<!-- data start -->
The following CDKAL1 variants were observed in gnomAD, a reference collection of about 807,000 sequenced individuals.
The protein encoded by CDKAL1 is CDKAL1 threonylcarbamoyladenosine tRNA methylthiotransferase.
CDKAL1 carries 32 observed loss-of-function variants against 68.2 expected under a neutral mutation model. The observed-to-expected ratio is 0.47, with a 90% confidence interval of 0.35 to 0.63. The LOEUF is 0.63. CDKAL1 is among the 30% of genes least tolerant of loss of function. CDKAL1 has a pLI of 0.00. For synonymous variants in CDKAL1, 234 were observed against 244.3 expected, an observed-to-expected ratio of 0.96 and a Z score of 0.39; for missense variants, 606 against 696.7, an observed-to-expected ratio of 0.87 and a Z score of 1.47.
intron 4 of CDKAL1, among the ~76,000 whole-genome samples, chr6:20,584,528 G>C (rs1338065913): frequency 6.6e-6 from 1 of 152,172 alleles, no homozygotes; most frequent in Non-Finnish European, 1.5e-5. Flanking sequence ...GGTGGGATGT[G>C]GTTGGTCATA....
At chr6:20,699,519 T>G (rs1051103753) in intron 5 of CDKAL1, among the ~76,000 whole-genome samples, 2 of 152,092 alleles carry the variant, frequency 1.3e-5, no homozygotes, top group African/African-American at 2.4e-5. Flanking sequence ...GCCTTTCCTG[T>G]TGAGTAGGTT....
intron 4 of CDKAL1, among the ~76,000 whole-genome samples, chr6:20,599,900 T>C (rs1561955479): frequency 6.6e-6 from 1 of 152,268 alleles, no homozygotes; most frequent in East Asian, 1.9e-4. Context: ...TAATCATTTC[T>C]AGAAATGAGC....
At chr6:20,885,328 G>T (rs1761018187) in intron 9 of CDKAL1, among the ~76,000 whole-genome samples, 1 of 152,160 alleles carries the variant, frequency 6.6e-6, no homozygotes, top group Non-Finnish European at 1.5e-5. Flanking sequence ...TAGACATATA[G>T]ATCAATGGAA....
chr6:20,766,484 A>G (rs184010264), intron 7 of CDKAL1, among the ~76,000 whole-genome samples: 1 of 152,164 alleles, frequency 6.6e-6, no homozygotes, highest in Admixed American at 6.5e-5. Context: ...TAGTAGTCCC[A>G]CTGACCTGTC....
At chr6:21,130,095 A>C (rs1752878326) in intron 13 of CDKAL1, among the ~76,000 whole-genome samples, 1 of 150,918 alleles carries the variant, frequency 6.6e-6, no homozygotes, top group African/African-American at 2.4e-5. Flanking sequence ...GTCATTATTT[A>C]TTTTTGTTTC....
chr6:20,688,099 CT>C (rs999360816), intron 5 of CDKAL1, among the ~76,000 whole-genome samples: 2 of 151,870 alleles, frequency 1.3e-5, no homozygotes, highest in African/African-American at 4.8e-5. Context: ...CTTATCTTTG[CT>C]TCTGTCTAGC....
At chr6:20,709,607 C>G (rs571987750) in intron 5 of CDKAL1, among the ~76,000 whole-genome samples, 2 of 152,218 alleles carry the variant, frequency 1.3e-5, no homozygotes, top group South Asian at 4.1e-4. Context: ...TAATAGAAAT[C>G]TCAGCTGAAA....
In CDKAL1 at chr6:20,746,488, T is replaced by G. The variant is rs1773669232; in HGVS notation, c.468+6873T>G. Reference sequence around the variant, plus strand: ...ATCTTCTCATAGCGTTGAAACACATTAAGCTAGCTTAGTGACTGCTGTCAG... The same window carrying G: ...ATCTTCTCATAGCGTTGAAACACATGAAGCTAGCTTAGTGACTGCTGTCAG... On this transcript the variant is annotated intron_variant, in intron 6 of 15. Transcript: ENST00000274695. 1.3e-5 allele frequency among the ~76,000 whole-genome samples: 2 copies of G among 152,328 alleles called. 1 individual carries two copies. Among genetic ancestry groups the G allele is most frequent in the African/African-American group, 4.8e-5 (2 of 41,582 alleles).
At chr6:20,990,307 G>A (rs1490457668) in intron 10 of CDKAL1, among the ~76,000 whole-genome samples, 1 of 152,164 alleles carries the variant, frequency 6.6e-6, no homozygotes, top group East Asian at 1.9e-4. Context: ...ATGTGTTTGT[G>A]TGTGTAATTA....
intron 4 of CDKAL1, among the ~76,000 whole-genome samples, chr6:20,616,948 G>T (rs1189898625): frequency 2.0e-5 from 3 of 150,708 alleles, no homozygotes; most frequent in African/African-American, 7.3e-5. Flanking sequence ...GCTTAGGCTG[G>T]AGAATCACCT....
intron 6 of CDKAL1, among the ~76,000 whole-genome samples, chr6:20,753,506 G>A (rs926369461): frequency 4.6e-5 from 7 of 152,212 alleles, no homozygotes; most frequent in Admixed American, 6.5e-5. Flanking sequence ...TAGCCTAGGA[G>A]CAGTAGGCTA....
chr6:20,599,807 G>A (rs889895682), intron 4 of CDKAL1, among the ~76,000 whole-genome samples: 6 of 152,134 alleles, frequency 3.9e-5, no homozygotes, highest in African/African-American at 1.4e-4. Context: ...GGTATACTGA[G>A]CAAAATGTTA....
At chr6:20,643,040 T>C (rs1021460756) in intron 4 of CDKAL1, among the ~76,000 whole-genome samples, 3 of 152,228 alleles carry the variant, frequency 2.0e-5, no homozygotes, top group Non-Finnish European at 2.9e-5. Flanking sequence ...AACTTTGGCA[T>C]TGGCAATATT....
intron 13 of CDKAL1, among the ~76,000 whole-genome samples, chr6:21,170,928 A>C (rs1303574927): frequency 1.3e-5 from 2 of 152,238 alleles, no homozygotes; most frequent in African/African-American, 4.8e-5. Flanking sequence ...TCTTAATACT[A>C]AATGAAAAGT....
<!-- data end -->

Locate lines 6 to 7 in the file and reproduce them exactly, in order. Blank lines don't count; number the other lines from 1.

intron 4 of CDKAL1, among the ~76,000 whole-genome samples, chr6:20,599,900 T>C (rs1561955479): frequency 6.6e-6 from 1 of 152,268 alleles, no homozygotes; most frequent in East Asian, 1.9e-4. Context: ...TAATCATTTC[T>C]AGAAATGAGC....
At chr6:20,885,328 G>T (rs1761018187) in intron 9 of CDKAL1, among the ~76,000 whole-genome samples, 1 of 152,160 alleles carries the variant, frequency 6.6e-6, no homozygotes, top group Non-Finnish European at 1.5e-5. Flanking sequence ...TAGACATATA[G>T]ATCAATGGAA....